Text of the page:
Radika Bhaskar, ECI-Voss Interdisciplinary Postdoctoral Scholar
PhD Stanford 2006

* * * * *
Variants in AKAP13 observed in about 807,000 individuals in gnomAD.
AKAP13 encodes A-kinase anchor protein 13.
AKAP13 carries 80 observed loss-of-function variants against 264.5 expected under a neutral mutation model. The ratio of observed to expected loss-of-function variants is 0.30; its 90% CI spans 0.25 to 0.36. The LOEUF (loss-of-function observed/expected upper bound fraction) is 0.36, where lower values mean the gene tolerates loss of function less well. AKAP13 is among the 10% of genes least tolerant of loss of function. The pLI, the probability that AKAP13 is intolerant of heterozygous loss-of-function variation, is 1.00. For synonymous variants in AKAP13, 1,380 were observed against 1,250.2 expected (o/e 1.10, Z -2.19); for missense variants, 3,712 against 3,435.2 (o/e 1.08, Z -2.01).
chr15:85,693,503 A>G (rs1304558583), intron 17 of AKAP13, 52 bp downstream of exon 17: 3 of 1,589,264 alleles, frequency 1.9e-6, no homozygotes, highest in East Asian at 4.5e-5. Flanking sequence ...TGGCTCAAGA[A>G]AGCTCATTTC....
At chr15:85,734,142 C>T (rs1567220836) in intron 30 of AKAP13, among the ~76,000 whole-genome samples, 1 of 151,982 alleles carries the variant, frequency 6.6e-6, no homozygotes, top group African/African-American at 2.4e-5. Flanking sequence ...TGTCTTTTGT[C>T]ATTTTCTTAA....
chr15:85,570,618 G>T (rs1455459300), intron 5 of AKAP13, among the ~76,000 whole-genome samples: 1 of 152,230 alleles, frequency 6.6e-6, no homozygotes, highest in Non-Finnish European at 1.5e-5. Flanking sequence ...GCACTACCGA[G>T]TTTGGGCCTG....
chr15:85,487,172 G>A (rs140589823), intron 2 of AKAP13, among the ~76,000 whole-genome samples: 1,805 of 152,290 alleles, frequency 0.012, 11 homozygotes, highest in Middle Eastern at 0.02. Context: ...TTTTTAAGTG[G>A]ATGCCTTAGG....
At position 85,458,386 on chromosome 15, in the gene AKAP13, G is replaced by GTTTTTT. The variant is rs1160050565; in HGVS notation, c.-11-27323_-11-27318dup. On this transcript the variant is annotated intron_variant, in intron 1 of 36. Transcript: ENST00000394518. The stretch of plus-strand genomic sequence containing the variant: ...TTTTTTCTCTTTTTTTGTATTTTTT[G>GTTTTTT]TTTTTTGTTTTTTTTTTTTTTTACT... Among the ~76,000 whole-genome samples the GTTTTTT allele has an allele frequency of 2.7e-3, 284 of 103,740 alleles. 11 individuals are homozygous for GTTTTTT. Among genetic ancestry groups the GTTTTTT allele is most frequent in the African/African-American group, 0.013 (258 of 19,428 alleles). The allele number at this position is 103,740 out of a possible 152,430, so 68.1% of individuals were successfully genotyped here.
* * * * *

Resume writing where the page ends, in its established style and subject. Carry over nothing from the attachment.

As an ECI interdisciplinary postdoc, Radika investigated the relationship between land use history, plant diversity, and soil fertility working with Assistant Professor Stephen Porder, who specializes in soil nutrient cycling, and Assistant Professor Erika Edwards, who studies the evolutionary patterns of plant traits. Bhaskar’s project looked at diversity from two distinct, but related, perspectives. Human development encroaching on natural systems often results in the loss of species diversity, reducing the number of species present in a region. Functional diversity, in contrast, is the range of characteristics that a plant community expresses, regardless of the number of species present. Functional diversity is especially important for understanding the ability of natural systems to respond to changes and continue providing the ecosystem services that people have come to expect (such as clean water, fertile soil, food, and the ability to draw carbon out of the atmosphere). She is examining whether leaf characteristics, such as size, thickness, and chemical composition influence soil fertility more than species diversity does – and is also studying how past land use affects such characteristics. The work focused on forests in, and adjacent to, the Chamela-Cuixmala Biosphere Reserve, in western Mexico. The Reserve contains one of the largest areas of diverse, well-preserved tropical dry forest stands in the world and adjacent agricultural sites provide an exceptional opportunity to compare plants and soils in intact forest, regenerating forest, and active agricultural systems. Radika is currently a Visiting Assistant Professor in the Center for Environmental Studies at Brown.